Monday, July 19, 2004

Setting sail without losing touch

By John Pain
The Associated Press

MIAMI - Pam Lome loves sitting on the deck when she's on a cruise, the shoreline shrinking on the horizon as the ship pulls out to sea. It's relaxing to know that, at least for a short time, she's leaving her everyday troubles behind.

"It's supposed to be a way to get away from it all," said Lome, a 45-year-old former travel agent from Buffalo Grove, Ill.

But with a new service the industry is beginning to embrace, the tranquility many passengers cherish on cruises may be shattered by the cacophony of ringing cell phones. The service makes regular mobile phones work even when communications towers are miles of ocean away.

It's just the latest way technology is changing cruise vacations, which now offer Internet access, pay-per-view television and digital music libraries.

To Beth Abrams, the more communications technology onboard, the better.

Abrams, a 40-year-old first-grade teacher from Freehold, N.J., recently traveled on the Norwegian Dawn from New York down the East Coast. The ship was close enough to shore to reach Nextel phone's network, so she could stay in touch.

"I need it. My husband's self-employed. He needs to be in contact on a daily basis. We have someone taking care of our home that we need to talk to. We have pets at home that we need to check up on," she said while the ship was docked in Miami.

In the past, "we would just be out of contact for a week and hope for the best," she said.

But what about passengers like Lome who want to enjoy a relaxing getaway?

"I don't want to be on deck by the pool getting some sun and listening to someone talk about their stock options," she said.

Some cruise executives don't think it will be a big deal.

"I think you should offer as many amenities as you can and if you find that the bulk of your passengers don't want it, you'll hear about it pretty quickly," said Colin Veitch, head of Norwegian Cruise Line Ltd., which is exploring the technology.

"Are you going to be annoyed by sitting next to the pool and having somebody talking on their cell phone? Probably not any more annoyed than just having a noisy person next to you," Veitch said. "People will just get used to it."

Carnival Corp. & PLC, the world's largest cruise company, is testing cell phone service on its Costa Cruises line in Europe and plans to eventually install the equipment on more ships, said Trevor Brydges, Carnival's supervisor of shipboard technology.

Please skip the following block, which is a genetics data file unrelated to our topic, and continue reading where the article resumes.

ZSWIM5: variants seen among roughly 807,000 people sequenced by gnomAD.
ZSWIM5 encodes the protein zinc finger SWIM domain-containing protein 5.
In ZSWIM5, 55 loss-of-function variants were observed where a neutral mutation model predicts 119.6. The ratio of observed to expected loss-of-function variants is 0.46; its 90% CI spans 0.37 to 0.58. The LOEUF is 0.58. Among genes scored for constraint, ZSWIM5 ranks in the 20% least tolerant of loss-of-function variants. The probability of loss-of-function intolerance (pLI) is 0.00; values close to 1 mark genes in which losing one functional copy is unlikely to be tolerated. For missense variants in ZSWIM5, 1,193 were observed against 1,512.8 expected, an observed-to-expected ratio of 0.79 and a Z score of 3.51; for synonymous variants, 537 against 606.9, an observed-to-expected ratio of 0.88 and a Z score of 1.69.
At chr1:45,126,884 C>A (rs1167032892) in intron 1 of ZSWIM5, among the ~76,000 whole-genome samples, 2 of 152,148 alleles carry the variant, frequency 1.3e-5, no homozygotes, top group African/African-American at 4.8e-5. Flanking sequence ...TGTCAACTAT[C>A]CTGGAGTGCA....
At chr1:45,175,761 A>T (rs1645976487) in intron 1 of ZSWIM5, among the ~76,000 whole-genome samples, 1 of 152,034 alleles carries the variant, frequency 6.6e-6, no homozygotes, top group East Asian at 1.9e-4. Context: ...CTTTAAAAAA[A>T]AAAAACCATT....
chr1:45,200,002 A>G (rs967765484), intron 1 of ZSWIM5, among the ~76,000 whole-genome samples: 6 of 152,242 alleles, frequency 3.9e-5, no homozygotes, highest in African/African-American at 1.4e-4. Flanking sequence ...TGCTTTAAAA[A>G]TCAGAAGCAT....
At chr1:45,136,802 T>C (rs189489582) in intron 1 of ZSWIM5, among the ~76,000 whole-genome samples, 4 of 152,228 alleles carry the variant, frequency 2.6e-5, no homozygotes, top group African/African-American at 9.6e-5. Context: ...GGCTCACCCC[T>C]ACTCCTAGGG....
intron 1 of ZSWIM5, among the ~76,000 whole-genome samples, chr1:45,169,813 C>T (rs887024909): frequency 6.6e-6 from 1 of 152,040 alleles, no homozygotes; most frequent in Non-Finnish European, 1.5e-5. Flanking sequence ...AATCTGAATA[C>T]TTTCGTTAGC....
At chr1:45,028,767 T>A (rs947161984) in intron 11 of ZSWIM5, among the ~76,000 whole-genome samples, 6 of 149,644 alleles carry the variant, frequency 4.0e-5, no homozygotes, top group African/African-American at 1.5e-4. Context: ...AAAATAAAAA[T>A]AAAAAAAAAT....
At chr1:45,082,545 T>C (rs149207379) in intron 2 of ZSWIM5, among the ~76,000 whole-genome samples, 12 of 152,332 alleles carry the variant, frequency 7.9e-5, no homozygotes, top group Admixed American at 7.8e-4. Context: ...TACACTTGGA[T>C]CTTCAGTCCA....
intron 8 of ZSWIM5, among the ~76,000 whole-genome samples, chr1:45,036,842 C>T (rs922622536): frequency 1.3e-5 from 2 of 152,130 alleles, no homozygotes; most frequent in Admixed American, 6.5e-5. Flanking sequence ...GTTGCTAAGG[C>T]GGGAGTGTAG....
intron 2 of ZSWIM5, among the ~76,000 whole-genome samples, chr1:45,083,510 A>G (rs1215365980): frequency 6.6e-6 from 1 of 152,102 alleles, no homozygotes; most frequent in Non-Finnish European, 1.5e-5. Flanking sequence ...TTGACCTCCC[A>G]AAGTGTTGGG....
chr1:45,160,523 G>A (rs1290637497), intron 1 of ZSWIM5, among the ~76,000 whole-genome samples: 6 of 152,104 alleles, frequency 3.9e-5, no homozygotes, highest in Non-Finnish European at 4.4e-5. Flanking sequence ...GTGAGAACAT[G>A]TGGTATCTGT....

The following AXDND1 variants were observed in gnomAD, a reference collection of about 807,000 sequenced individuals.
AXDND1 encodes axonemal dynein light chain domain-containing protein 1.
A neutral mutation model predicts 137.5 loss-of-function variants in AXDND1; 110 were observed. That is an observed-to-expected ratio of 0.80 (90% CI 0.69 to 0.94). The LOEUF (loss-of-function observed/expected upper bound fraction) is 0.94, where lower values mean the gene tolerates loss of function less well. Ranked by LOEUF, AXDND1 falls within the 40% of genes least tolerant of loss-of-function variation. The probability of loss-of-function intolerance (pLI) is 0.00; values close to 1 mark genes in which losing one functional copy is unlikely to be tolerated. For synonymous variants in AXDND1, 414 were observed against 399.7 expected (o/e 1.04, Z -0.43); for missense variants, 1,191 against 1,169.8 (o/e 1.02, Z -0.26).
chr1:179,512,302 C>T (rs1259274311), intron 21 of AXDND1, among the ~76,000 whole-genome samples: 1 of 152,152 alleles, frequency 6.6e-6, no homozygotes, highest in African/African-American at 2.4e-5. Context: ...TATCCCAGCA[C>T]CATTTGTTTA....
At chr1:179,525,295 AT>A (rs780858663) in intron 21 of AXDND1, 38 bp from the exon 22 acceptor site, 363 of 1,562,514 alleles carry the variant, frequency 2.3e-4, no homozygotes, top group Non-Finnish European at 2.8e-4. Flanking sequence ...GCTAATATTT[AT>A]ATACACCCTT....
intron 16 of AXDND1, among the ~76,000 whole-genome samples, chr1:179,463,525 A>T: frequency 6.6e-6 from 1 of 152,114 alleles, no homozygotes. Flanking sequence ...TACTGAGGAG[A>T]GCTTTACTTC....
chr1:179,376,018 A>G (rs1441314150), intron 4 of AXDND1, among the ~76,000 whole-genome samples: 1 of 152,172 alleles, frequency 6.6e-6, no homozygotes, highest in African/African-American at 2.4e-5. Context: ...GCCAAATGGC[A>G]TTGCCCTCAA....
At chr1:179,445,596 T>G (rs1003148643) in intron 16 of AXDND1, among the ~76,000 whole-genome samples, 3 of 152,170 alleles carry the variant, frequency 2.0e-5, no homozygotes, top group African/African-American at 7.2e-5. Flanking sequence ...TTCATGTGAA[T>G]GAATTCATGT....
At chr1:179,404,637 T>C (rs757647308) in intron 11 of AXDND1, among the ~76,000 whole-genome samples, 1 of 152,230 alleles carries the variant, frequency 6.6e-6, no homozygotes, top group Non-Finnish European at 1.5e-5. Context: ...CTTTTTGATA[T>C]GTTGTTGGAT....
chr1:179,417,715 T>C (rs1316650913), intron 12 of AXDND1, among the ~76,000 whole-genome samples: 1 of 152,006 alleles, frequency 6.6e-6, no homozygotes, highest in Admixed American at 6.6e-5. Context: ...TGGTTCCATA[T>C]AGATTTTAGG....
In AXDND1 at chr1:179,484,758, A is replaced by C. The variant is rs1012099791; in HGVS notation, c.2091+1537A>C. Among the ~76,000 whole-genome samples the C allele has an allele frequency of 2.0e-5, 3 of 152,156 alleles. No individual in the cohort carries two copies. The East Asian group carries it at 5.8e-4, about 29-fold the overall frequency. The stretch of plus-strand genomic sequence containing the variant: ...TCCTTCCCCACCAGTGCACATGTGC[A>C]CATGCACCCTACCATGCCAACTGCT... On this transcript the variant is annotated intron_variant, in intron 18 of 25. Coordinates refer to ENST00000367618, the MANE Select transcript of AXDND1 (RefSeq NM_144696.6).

Carnival's main rival, Royal Caribbean Cruises Ltd., just began offering the service on the Island Escape, a ship it operates on the Mediterranean through a joint venture. The line is considering adding it to other ships, too.

AT&T Wireless Services Inc. and Maritime Telecommunications Network Inc. created the system used on the Island Escape. Wireless equipment on the ship relays calls to satellite transmitters, which then beam the signals to shore.

Charges for cruise cell calls appear on the user's wireless bill at home. The service is currently available only for phones on the GSM network standard.

Prices for U.S.-based cruises haven't been set yet, but they could be similar to rates on European cruises, where the price per minute can be about $1.69, roughly the same as a roaming call, AT&T Wireless spokeswoman Rochelle Cohen said. In comparison, satellite phone calls can cost $6 to $8 a minute.

The cell phone signals piggyback on systems that transmit Internet data to cruise ships via satellite. Since Internet service was introduced about five years ago, it has grown to be used by about 15 percent of passengers, industry officials said.

George Hall, 54, is a big fan of onboard e-mail. He was vacationing on the Dawn last year when the heating system at his home in New York's Hudson Valley malfunctioned, cranking the temperature to 95 degrees.

Hall's house-sitter contacted him by e-mail. Together they diagnosed the problem and arranged to get it repaired before Hall's cruise ended. The cost for keeping in touch by e-mail was about 40 cents a minute, a common figure for the service.

Internet service generally comes to cruise passengers at 128 to 256 kilobits per second, faster than dial-up but below broadband connections such as DSL and cable modems.

Passengers can Web surf in designated Internet cafes, and many ships have wireless access points at spots around the vessels. All of Norwegian's ships have such "hot spots," and the line rents wireless cards and laptops for $10 a day.

Celebrity lets passengers download MP3 music files to company-owned Apple iPods that can be rented on board for $10 a day. Vacationers can choose from about 47,000 songs in many musical genres, from classical to rap. The downloads are free, but passengers can't keep the music files when they leave the ship.

Jim Cannon, Celebrity's entertainment manager, notes that seniors - a big cruise demographic - have embraced the iPods.

"They love to have their swing numbers," he said.

For about $4, passengers can print out more than 150 different newspapers each day in several languages using a computer kiosk. Cabin TVs on most ships are outfitted with pay-per-view movies and automated booking of shore excursions. Digital X-rays taken on board can be transmitted by satellite to be examined by medical specialists on land.

All this technology amazes people like Hall. Just don't stroll onboard with a cell phone glued to your ear.

"That could be a little annoying," he said.


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